Social care is another sector where public policies have created and increasing demand for migrant workers (Moriarty 2010; Cangiano et al. 2009). Two thirds of care assistants in London are migrants. The shortages of social-care workers and care assistants are largely due to low wages and poor working conditions. Most social care in the UK is publically funded, but actually provided by the private sector and voluntary organisations. Constraints in local authority budgets have contributed to chronic underinvestment. Together with the structure of the care sector itself, this approach has resulted in a growing demand for low-waged, flexible workers. Simply cutting benefits, or reducing legal access to migrant workers without addressing the causes of British workers’ reluctance to apply for jobs in the sector, will put more pressure on an already creaking system.

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Mind the gap: labour immigration and public policy

Linking the admission of new migrant workers to labour and skills shortages requires critical analyses of what constitutes ‘skills’ and ‘shortages’, how to measure them, and debate about whether immigration is the best response to the shortage. While the first two questions are challenging, it is important to recognise that the third question about alternative responses to shortages is an inherently normative issue that does not have a single ‘right’ answer. Deciding whether the optimal response to shortages should be additional migrants, higher wages, or some other option is a necessarily political issue that requires a balancing of competing interests.

A second important implication of research for public and policy debates in this area is that employer demand for migrant labour is not simply a consequence of lax immigration controls. Neither can it be reduced to slogans such as ‘exploitative employers’, ‘lazy Britons won’t do the work’, or ‘migrants are needed for economic recovery’. The UK’s  increasing demand for migrant workers arises from a broad range of institutions, public policies and social relations. Reducing or at least slowing down the growth in this reliance – a policy goal of the current Government – will not happen without fundamental changes to the policies and institutions that create the demand. This includes greater labour market regulation in some sectors, more investment in education and training, better wages and conditions in some low waged public sector jobs, improved job status and career tracks, and a decline in low-waged agency work. In the short- to medium term, these changes are unlikely because of the economic downturn and budget cuts which may well in fact increase demand for migrants in low-waged sectors such as social care. In the long term, the key question is whether the UK is really able or willing to make the kinds of changes in wider public policies in exchange for fewer new migrants.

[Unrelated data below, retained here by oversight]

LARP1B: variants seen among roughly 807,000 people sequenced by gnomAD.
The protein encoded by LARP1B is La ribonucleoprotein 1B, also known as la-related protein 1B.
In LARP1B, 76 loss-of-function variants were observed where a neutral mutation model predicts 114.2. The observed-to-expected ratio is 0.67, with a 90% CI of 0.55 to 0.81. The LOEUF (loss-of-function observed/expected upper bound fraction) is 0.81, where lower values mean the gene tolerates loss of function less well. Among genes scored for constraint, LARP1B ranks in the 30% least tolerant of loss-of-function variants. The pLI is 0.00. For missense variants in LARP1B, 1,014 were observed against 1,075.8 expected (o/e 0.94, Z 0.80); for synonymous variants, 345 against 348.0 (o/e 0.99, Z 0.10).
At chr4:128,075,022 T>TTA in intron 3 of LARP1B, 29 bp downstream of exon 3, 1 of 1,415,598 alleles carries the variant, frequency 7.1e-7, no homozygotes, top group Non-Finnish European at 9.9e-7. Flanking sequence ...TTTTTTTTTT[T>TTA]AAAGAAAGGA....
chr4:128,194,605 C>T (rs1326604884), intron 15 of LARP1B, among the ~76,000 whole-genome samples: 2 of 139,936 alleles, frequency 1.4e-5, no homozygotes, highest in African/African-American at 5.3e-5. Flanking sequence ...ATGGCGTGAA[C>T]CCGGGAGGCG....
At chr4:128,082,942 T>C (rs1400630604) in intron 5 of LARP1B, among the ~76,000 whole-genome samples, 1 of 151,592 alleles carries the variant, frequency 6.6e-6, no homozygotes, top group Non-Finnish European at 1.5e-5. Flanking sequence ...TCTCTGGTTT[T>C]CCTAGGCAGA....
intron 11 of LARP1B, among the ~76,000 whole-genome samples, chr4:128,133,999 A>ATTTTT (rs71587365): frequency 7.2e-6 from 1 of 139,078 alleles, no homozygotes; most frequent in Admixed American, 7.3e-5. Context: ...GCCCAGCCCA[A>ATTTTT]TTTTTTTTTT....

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  • Anderson, B. “Migration, Immigration Controls and the Fashioning of Precarious Workers.” Work, Employment and Society 24, no. 2 (2010): 300-317.
  • Anderson, B, M. Ruhs, S. Spencer, and B. Rogaly. “Fair Enough? Central and East European Low Wage Migrants in Low Wage Employment in the UK.” Report written for the Joseph Rowntree Foundation, Centre on Policy, Migration and Society, University of Oxford, Oxford, 2006.
  • Bloomekatz, R. “Rethinking Immigration Status Discrimination and Exploitation in the Low-Wage Workplace.” UCLA Law Review 54, no. 6 (2007): 1963–2010.
  • Cangiano, A., I. Shutes, S. Spencer, and G. Leeson. “Migrant Care Workers in Ageing Societies: Research Findings in the United Kingdom.” Centre on Migration, Policy and Society, University of Oxford, Oxford, 2009.
  • Chan, P., L. Clarke, and A. Dainty. “The Dynamics of Migrant Employment in Construction: Can Supply of Skilled Labour ever Match Demand?” Chap. 7 in Who Needs Migrant Workers? Labour Shortages, Immigration and Public Policy, edited by Martin Ruhs and Bridget Anderson. Oxford: Oxford University Press, 2010.
  • Finch, T., M. Latorre, N. Pollard, and J. Rutter. “Shall We Stay or Shall We Go? Re-migration Trends among Britain’s Immigrants.” Institute for Public Policy Research, London, 2009.
  • Migration Advisory Committee. “Skilled, Shortage and Sensible, The First Shortage Occupation List for the UK and Scotland.” Home Office, London, 2008.
  • Migration Advisory Committee. “Limits on Migration.” Home Office, London, 2010.
  • Moriarty, J. “Competing with Myths: Migrant Labour in Social Care.” Chap. 5 in Who Needs Migrant Workers? Labour Shortages, Immigration and Public Policy, edited by M. Ruhs and B. Anderson. Oxford: Oxford University Press, 2010.
  • Payne, J. “The Unbearable Lightness of Skill: The Changing Meaning of Skill in UK Policy Discourses and Some Implications for Education and Training.” Journal of Education Policy 15, no. 3 (2000): 353–69.
  • Rodriguez, N. ‘‘’Workers Wanted’: Employer Recruitment of Immigrant Labour.” Work and Occupations 31, no. 4 (2004): 453–73.
  • Ruhs, M. and B. Anderson, eds. Who Needs Migrant Workers? Labour Shortages, Immigration and Public Policy. Oxford: Oxford University Press, 2010.
  • Waldinger, R. D. and M. Lichter. How the Other Half Works: Immigration and the Social Organization of Labor. Berkeley: University of California Press, 2003.
  • Warhurst, C. and D. Nickson.”‘A New Labour Aristocracy? Aesthetic Labour and Routine Interactive Service.” Work, Employment and Society 21, no. 4 (2007): 785–98.



Responding to Employers: Labour Shortages and Immigration Policy